A legislative committee vote to repeal regional transit authorities is another blow at transit systems that need to be strengthened, not weakened.
Editorial in the Milwaukee Journal Sentinel Editorial , May 4, 2011
Pay attention to this number.
That was the price of regular unleaded gasoline at a station on Milwaukee’s south side on Tuesday. It’s a number that’s likely to rise. It’s also a number that Gov. Scott Walker and the Legislature are so far ignoring as they put together a budget that does much for roads and highway funding but threatens to gut public transit systems across the state.
On Tuesday, the Legislature’s budget committee took another step backward on transit when it voted to repeal authority for four regional transit authorities created in 2009. One of those would have been responsible for a commuter rail line connecting Kenosha, Racine and Milwaukee.
Keep in mind that Walker’s budget also cuts aid to transit by 10%, moves transit aid from the state transportation fund to the general revenue budget and bars municipalities from raising taxes to make up for the loss in aid. By repealing the RTAs, the budget also removes another tool – a cooperative one – that local communities could have used to help them deal with the loss of funding.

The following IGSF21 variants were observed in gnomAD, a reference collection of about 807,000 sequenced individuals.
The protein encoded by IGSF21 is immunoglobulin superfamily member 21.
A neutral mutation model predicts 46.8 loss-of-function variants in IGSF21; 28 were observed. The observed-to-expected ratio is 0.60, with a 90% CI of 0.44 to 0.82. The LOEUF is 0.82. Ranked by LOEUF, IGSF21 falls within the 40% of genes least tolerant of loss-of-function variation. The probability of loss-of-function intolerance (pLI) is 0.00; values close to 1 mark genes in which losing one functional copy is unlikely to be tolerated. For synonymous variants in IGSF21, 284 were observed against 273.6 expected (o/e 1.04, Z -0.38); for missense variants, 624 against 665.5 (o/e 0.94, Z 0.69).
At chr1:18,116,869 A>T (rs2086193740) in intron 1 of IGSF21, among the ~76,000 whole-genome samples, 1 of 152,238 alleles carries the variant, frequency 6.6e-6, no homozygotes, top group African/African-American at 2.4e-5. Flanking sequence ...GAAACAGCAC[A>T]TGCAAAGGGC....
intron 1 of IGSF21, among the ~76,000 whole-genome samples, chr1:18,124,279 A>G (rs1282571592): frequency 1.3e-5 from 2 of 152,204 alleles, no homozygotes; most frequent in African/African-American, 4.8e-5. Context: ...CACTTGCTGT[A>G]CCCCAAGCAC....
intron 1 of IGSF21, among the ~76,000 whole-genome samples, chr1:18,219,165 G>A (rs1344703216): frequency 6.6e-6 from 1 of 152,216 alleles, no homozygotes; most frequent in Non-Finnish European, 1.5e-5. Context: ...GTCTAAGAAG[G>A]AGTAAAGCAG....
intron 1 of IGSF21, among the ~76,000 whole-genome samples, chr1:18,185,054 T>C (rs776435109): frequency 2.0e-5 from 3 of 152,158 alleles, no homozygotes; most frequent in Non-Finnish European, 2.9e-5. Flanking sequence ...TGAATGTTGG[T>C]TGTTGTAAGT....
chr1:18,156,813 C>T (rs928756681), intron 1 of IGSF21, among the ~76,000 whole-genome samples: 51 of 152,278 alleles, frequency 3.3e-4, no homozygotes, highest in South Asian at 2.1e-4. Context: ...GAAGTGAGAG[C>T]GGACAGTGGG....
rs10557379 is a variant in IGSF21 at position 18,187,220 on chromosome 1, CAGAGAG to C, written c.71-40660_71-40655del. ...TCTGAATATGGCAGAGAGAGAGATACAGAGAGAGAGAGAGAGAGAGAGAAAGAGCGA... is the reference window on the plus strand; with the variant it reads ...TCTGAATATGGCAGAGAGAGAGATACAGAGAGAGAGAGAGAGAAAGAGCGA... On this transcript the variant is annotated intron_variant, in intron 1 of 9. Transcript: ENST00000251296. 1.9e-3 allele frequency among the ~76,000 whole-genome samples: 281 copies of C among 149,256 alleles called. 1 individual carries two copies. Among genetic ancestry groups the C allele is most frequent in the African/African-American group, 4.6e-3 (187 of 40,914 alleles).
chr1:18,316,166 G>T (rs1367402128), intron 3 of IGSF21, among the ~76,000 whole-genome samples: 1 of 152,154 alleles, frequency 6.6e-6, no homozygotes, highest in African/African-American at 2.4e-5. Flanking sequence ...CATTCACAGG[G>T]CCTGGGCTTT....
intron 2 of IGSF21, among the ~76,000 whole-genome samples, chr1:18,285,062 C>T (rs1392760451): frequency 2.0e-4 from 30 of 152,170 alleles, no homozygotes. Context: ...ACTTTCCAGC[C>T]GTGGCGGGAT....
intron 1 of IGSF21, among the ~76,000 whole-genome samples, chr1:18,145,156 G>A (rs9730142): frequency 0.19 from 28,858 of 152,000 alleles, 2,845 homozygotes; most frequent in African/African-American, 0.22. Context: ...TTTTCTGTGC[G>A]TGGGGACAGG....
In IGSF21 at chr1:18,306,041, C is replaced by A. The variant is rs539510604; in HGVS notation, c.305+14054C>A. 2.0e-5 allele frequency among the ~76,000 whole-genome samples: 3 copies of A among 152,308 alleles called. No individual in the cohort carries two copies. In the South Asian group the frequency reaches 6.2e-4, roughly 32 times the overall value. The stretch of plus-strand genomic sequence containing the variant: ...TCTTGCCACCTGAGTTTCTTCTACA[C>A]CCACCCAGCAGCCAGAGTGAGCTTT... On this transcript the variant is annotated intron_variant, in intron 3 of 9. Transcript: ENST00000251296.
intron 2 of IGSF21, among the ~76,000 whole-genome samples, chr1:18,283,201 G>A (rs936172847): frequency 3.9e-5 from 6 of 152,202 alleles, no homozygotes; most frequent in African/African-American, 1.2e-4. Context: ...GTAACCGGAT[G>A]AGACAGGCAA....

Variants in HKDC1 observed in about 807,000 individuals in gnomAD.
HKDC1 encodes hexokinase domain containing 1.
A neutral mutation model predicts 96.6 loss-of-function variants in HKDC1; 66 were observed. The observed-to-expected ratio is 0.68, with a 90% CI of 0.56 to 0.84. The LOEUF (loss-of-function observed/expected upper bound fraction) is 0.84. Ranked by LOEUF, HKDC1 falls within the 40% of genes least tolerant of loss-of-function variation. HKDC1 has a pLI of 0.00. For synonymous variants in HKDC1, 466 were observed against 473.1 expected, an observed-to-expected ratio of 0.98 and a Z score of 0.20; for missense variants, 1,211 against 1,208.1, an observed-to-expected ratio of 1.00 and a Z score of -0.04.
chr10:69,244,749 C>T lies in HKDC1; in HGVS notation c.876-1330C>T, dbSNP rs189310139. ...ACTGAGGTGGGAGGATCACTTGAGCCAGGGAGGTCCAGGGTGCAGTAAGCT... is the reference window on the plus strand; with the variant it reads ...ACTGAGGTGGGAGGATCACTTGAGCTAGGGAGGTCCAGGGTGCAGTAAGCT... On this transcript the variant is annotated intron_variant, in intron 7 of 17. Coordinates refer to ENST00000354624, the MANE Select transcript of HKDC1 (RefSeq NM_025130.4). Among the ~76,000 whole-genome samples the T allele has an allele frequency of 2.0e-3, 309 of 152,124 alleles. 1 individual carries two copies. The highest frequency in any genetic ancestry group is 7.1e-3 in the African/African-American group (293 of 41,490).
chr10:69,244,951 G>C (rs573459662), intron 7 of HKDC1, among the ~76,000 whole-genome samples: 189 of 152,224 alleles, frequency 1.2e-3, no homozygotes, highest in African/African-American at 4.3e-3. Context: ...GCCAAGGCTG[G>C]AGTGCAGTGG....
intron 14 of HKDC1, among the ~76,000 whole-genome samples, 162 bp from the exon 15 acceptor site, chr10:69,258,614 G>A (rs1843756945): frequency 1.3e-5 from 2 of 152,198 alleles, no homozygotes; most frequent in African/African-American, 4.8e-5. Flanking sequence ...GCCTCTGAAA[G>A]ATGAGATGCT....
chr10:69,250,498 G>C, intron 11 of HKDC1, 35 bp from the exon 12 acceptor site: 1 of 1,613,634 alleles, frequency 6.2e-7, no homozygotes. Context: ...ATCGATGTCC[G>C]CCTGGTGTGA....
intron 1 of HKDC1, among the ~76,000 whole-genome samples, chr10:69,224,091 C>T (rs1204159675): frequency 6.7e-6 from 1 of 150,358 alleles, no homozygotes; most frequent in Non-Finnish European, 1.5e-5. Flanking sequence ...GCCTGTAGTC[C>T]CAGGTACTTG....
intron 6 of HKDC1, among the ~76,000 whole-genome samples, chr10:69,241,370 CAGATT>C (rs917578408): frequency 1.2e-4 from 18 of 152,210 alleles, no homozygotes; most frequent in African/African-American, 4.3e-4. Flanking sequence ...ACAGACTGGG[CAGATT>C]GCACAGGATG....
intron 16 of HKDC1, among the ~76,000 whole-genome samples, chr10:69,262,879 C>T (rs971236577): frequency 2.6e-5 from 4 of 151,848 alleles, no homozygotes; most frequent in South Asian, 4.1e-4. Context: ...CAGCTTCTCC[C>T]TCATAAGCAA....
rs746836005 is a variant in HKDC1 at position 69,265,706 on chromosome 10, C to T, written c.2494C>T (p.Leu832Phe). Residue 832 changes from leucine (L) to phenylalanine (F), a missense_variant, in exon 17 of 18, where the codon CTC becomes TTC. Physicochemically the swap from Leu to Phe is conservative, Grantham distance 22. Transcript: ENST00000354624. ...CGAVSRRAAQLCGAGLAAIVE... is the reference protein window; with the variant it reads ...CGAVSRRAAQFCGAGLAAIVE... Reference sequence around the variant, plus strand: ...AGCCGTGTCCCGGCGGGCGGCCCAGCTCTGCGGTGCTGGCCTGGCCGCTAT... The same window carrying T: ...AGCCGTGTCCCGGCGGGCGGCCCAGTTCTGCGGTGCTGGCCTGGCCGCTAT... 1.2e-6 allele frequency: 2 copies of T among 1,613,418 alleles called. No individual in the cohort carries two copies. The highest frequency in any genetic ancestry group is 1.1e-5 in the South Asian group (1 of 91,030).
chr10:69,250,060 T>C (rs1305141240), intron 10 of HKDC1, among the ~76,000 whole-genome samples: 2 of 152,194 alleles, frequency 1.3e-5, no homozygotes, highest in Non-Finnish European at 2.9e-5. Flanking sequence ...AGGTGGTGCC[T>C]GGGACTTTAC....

The committee also voted to eliminate a $100 million bonding program for capital transit projects in southeastern Wisconsin and to eliminate all state funding – $5 million over two years – for bike and pedestrian paths.
Why does this matter? Several reasons, but let’s talk about just two.
First, there are people without cars who rely on transit to get them to jobs, appointments, shopping and friends. Some can’t afford a vehicle; others prefer not to have one. Having a car should not be a requirement for living in urban areas such as Milwaukee, Madison, Racine and Waukesha. Giving people options that include transit as well as good roads make those areas more attractive for economic development.
Second, as gas prices continue to rise, many commuters are looking for alternatives to driving to their jobs. In a recent informal and unscientific poll by the Editorial Board, a slight majority of respondents said that a $4-per-gallon price for gasoline would be enough to make them change their driving habits.
Well, we’re way beyond $4 now. That means those people and many others are looking for or will soon start looking for other ways to get around. Some will take bikes now that the weather is turning; some will start car pooling. Many others will want to take the bus.
Granted, this is a car culture. But cutting aid for alternatives will hurt businesses and families – and Walker’s ability to achieve that goal of 250,000 new jobs.
The full Legislature should put the brake on these transit-killing efforts.